Frederick W. Lehmann was born February 28, 1853 in Prussia. His parents emigrated to Cincinnati when he was two. He ran away from home when he was ten years old. Peddling newspapers and working on farms, he spent the next seven years crossing the mid-west. Occasionally, he attended school. At 17 his hard work impressed Judge Epenetus Sears of Tabor, Iowa, who sent him to Tabor College. He earned an A.B. in 1873 and, after brief study in his benefactor's office, was admitted to the Iowa bar. He practiced law in Tabor, Sidney, and Nebraska City, and finally settled in Des Moines. There he married Nora Stark on December 23, 1879, became an attorney for the Wabash Railroad, and was active in politics, being instrumental in the election of Governor Horace Bois. His railroad practice led him to St. Louis in 1890. In 1908 he became president of the American Bar Association.
President Taft named Lehmann solicitor general in 1910. During his tenure he handled cases which established the government's right to tax corporation incomes. He wrote an opinion which held national bank affiliates to be in violation of the law. He resigned in 1912 to practice law with his sons. In 1914, with Joseph Rucker Lamar, he represented the United States at the conference sponsored by Argentina, Brazil, and Chile to mediate between the United States and Mexico. His most important cases in the course of private practice were those establishing the right of the Associated Press to news as property and securing for the Southwestern Bell Telephone Company the right to earn upon valuation determined by reproduction cost less depreciation. In 1918 he was general counsel for the United States Railway Wage Commission.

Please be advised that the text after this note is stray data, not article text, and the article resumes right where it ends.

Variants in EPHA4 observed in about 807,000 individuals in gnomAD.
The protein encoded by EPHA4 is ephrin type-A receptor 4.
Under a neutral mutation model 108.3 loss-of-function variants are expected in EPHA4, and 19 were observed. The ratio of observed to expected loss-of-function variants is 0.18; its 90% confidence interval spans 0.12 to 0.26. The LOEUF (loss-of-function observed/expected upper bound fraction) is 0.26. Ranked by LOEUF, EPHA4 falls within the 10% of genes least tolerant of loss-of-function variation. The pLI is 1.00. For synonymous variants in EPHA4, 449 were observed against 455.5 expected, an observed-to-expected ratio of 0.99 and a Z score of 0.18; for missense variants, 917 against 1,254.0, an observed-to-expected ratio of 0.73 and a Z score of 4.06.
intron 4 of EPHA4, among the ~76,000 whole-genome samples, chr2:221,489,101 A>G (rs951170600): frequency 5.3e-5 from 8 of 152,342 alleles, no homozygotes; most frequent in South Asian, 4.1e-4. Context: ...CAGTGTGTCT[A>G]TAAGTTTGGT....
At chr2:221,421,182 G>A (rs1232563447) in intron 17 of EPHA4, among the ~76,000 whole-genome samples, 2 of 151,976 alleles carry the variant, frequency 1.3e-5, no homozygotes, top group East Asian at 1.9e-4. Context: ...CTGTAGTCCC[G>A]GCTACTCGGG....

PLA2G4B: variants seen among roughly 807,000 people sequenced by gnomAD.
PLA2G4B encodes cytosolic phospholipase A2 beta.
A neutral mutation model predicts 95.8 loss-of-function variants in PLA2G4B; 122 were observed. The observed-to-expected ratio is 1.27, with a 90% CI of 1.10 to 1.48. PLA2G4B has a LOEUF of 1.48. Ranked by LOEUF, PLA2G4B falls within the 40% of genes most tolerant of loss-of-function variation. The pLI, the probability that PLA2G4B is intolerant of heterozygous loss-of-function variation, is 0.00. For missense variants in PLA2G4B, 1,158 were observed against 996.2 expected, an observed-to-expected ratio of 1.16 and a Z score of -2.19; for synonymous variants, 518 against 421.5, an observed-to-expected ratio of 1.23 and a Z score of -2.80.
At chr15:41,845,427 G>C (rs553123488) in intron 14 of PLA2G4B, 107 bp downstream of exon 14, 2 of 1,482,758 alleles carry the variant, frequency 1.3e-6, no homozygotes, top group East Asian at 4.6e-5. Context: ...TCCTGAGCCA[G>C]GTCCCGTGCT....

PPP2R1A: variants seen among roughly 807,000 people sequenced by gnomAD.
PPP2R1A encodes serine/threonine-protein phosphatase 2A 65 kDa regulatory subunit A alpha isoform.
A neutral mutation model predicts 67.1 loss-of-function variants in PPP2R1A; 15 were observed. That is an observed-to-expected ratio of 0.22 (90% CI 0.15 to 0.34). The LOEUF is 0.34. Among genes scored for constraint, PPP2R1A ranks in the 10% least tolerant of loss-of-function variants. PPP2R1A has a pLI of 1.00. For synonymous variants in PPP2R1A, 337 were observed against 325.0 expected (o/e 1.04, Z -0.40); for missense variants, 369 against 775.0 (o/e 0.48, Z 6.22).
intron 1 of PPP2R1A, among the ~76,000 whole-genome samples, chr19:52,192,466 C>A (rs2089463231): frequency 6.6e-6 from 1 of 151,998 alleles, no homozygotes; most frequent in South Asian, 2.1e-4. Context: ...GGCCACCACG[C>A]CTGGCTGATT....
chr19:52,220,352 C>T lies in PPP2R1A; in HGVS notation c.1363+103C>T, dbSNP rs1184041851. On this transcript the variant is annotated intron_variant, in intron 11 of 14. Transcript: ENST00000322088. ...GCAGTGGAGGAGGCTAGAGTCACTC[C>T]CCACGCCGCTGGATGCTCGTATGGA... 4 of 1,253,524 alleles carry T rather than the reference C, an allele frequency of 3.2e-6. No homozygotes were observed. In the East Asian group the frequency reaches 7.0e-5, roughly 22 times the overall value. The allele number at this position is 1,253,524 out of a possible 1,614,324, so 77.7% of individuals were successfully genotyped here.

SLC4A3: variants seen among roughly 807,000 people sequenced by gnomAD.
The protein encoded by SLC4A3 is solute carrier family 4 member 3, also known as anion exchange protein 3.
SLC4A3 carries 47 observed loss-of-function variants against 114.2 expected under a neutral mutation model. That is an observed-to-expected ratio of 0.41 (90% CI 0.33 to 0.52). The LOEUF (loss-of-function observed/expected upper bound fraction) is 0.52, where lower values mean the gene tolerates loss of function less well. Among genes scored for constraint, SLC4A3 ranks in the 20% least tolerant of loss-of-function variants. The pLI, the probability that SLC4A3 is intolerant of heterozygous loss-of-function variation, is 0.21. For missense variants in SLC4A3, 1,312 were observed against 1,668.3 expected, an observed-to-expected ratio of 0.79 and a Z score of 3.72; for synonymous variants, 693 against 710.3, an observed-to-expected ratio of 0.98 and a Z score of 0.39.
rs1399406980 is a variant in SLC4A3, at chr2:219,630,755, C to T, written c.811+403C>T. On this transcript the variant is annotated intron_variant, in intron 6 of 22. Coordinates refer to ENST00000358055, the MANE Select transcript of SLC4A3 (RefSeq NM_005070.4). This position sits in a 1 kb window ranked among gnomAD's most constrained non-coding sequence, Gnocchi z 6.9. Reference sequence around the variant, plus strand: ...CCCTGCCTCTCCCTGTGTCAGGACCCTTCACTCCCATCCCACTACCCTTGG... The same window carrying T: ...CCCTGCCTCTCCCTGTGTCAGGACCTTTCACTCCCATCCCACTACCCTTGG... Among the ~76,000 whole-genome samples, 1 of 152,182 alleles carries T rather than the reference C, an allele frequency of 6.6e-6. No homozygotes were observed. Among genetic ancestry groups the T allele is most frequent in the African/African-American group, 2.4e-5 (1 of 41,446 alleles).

Frequently urged to seek office, he always refused, but in 1909 was appointed chairman of the Board of Freeholders which redrafted the St. Louis charter. He was characterized by Rabbi Leon Harrison as "the best educated man in St. Louis." He was a founder of the art museum, president of the public library, a director of the Louisiana Purchase Exposition of 1904, and active in the Missouri Historical Society. He enjoyed public speaking, for which he was in frequent demand. His published works included: John Marshall (1901); The Lawyer in American History (1906); Abraham Lincoln (1908); Conservatism in Legal Procedure (1909); Prohibition (1910); and The Law and the Newspaper (1917).
Frederick Lehmann died September 12, 1931, survived by his wife and three sons.